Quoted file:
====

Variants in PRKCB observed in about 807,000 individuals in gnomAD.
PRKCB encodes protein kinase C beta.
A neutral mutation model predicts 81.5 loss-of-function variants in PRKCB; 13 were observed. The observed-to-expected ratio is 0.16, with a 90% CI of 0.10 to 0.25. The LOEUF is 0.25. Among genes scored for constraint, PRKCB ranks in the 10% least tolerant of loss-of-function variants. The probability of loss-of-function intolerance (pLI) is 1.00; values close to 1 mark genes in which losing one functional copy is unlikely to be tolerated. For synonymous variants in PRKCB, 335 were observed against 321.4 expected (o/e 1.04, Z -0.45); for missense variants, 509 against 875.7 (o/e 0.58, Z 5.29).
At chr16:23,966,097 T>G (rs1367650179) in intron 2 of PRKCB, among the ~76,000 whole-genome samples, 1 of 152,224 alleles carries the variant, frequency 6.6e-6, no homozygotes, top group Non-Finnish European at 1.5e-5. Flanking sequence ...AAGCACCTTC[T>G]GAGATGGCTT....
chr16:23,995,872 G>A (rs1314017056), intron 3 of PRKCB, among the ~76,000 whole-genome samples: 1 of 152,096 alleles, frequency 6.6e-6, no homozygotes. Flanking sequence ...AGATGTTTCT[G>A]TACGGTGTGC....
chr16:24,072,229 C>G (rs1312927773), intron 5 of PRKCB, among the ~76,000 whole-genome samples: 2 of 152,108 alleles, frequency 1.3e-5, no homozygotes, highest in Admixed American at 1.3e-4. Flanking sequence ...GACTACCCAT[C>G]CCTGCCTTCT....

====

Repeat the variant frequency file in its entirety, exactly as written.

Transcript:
Variants in PRKCB observed in about 807,000 individuals in gnomAD.
PRKCB encodes protein kinase C beta.
A neutral mutation model predicts 81.5 loss-of-function variants in PRKCB; 13 were observed. The observed-to-expected ratio is 0.16, with a 90% CI of 0.10 to 0.25. The LOEUF is 0.25. Among genes scored for constraint, PRKCB ranks in the 10% least tolerant of loss-of-function variants. The probability of loss-of-function intolerance (pLI) is 1.00; values close to 1 mark genes in which losing one functional copy is unlikely to be tolerated. For synonymous variants in PRKCB, 335 were observed against 321.4 expected (o/e 1.04, Z -0.45); for missense variants, 509 against 875.7 (o/e 0.58, Z 5.29).
At chr16:23,966,097 T>G (rs1367650179) in intron 2 of PRKCB, among the ~76,000 whole-genome samples, 1 of 152,224 alleles carries the variant, frequency 6.6e-6, no homozygotes, top group Non-Finnish European at 1.5e-5. Flanking sequence ...AAGCACCTTC[T>G]GAGATGGCTT....
chr16:23,995,872 G>A (rs1314017056), intron 3 of PRKCB, among the ~76,000 whole-genome samples: 1 of 152,096 alleles, frequency 6.6e-6, no homozygotes. Flanking sequence ...AGATGTTTCT[G>A]TACGGTGTGC....
chr16:24,072,229 C>G (rs1312927773), intron 5 of PRKCB, among the ~76,000 whole-genome samples: 2 of 152,108 alleles, frequency 1.3e-5, no homozygotes, highest in Admixed American at 1.3e-4. Flanking sequence ...GACTACCCAT[C>G]CCTGCCTTCT....